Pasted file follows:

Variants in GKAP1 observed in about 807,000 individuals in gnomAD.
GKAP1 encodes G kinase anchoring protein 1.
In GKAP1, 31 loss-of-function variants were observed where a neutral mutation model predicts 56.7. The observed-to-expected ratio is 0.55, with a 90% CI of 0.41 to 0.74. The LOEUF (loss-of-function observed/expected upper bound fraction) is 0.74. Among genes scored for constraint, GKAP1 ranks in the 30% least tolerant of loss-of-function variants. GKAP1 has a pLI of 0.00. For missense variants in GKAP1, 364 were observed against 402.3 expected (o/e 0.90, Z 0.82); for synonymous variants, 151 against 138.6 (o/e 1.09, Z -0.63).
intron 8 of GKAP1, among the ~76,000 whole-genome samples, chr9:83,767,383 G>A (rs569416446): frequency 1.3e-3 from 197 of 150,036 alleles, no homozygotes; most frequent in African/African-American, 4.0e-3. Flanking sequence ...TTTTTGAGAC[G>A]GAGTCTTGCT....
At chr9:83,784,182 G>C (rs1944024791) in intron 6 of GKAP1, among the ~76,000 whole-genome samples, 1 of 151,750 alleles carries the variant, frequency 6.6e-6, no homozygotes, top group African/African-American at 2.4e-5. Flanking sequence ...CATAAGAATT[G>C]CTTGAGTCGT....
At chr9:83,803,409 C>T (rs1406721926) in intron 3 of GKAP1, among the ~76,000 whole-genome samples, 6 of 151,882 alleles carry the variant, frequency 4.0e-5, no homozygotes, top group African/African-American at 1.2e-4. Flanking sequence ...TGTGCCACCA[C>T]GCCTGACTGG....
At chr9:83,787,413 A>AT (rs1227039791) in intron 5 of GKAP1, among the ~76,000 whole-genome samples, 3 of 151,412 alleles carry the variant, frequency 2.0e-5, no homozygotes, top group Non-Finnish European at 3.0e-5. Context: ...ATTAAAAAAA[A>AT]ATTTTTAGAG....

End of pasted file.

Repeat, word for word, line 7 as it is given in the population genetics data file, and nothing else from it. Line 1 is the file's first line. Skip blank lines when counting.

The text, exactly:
At chr9:83,787,413 A>AT (rs1227039791) in intron 5 of GKAP1, among the ~76,000 whole-genome samples, 3 of 151,412 alleles carry the variant, frequency 2.0e-5, no homozygotes, top group Non-Finnish European at 3.0e-5. Context: ...ATTAAAAAAA[A>AT]ATTTTTAGAG....